Here are some highlights from the March 2013 issue of JoVE (Journal of Visualized Experiments)
Check back here later this month for each of these articles, and make sure to recommend JoVE to your librarian!
Check out some of the latest institutions to subscribe to JoVE (Journal of Visualized Experiments)
Want JoVE at your institution? Recommend JoVE to your librarian!
According to the University of Chicago Celiac Disease Center, over 3 million people in the United States currently suffer from celiac disease, an intestinal inflammatory disease with auto-immune features. The ingestion of gluten triggers immune system responses in the human body, generally causing severe gastrointestinal pain, as well as other long-term problems including malnutrition and fatigue. Although these symptoms and further intestinal damage can be avoided by maintaining a strict gluten-free diet, this can be difficult and present a financial burden. Because of this, many scientists are searching for treatment methods for celiac disease. Significant advances have been made in this field recently, including an intestinal medicine, a vaccine, and a microbial therapeutic approach.
Friday, JoVE (Journal of Visualized Experiments) will start the first of a three-day exhibitor showcase at the American Association for the Advancement of Science (AAAS) Conference in Boston. Come visit us at booth #717 to see some eye-catching videos, get a one month free trial to JoVE, and enter to win a free iPad mini! Our team will be at the booth throughout the day, happy to speak about JoVE and explain what we’re all about.
If you are a scientist interested in publishing, JoVE editors will also be walking around the conference, attending symposiums and visiting posters. If you’ve ever wondered what it’s like to publish a video of your method (and not have to make the video!), this is a great chance to speak to an editor in person and gain more information about what it’s like to work with JoVE.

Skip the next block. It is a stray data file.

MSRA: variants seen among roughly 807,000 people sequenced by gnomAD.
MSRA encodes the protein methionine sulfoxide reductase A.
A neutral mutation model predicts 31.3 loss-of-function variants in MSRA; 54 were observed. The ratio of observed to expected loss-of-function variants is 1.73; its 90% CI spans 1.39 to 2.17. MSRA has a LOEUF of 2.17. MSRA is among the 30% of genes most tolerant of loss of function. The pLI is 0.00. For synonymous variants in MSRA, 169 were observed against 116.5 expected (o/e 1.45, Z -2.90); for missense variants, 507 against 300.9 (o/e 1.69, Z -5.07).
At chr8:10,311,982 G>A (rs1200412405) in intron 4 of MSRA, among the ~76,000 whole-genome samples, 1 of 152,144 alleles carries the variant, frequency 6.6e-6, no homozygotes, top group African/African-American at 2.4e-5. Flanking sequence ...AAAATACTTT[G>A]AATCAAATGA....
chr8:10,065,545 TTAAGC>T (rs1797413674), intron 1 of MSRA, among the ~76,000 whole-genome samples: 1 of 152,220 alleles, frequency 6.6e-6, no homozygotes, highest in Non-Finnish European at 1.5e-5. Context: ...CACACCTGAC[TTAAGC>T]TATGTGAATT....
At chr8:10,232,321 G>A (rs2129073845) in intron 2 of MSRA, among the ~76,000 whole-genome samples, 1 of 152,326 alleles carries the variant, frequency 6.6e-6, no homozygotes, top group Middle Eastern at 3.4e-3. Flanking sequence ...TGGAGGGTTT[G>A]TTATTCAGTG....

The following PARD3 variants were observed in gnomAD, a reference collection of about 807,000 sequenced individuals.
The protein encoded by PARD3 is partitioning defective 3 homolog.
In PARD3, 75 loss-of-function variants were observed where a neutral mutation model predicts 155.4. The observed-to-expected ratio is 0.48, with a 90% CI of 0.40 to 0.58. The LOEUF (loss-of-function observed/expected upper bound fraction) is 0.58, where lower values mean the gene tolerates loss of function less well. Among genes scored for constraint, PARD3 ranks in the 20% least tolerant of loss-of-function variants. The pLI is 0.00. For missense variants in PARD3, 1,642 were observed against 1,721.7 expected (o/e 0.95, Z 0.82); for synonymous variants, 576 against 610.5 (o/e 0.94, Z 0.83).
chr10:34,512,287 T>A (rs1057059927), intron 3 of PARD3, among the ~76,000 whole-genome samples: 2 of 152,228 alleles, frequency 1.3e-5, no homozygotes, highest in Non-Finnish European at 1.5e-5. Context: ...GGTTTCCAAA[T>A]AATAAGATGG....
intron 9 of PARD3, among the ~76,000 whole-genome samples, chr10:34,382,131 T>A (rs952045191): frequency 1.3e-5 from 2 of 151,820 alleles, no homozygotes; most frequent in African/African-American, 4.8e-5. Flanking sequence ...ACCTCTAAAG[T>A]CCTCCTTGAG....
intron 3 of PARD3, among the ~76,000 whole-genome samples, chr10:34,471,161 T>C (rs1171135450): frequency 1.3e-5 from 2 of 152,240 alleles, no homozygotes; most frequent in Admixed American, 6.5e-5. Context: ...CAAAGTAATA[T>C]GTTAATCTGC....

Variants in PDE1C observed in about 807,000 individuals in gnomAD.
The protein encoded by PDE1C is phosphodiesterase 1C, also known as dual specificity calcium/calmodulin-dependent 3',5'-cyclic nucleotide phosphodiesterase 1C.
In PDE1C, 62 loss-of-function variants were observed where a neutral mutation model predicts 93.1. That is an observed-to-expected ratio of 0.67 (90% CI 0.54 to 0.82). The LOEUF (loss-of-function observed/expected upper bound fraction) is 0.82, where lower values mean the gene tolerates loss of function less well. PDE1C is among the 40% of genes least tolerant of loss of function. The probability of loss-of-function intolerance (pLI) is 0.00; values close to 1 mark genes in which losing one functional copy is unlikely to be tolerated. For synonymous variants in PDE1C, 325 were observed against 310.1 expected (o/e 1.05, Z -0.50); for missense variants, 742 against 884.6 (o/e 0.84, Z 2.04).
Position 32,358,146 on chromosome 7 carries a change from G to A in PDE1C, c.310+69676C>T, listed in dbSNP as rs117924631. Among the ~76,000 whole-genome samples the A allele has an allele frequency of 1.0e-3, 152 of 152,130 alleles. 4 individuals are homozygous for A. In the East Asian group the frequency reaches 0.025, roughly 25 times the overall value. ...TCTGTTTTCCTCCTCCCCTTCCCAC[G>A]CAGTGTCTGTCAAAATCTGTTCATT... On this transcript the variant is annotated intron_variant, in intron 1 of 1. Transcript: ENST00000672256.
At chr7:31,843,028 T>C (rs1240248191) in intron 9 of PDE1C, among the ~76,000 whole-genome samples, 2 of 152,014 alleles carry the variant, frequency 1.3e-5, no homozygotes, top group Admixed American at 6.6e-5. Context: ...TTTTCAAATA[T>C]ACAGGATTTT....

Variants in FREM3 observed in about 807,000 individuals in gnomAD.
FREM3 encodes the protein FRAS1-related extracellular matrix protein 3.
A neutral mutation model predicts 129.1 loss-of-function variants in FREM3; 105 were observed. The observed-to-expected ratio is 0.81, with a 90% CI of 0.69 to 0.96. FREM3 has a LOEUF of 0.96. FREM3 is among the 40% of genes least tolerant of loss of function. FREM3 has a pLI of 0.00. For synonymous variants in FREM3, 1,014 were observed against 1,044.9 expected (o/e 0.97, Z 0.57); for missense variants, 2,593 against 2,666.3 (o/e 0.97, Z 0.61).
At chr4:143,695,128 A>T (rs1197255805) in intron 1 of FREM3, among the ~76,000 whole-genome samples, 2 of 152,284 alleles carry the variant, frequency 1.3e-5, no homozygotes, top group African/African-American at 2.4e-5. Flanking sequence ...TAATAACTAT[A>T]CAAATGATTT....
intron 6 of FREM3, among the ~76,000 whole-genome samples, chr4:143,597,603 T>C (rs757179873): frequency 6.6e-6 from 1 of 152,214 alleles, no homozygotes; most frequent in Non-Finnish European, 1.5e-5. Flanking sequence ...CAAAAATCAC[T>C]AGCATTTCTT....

If you’d like to get in touch with the JoVE editors at the AAAS conference, e-mail them at firstname.lastname@example.org. We hope to see you there!
Since 2006, JoVE has brought high quality video articles to the biological sciences community. Currently, JoVE publishes high quality scientific video protocols in the areas of neuroscience, general biology, bioengineering, immunology and infection, clinical and translational medicine, and applied physics.
Today, February 4, 2013, JoVE proudly launches its 7th section: JoVE Chemistry. Following its successful introduction of video publications for the biological and physical sciences, JoVE received numerous requests for a chemistry counterpart. In response, the journal is launching a new section, JoVE Chemistry dedicated to visualized publication of experiments across different areas of chemistry research including organic chemistry, chemical biology, electrochemistry, and polymer chemistry, among others. Check out our Chemistry announcement here:
“Similar to research in biology and physics, experimental research in chemistry suffers from a lack of reproducibility that can be solved by visualized publication. Therefore, it is natural to expand JoVE‘s novel publication approach to chemistry as well”, says Moshe Pritsker, the CEO and co-founder of JoVE.
Click here to learn more about <em>JoVE</em> Chemistry
Want to impress your friends with knowledge of the most cutting edge scientific research? You’re in luck, here is your weekly headlines from across the scientific world:
Scientists train iron-oxidizing bacteria to sruvive on electrons. These special bacteria could potentially be bioengineered to produce fuels from atmospheric CO2 when paired with electric sources like solar panels or wind turbines.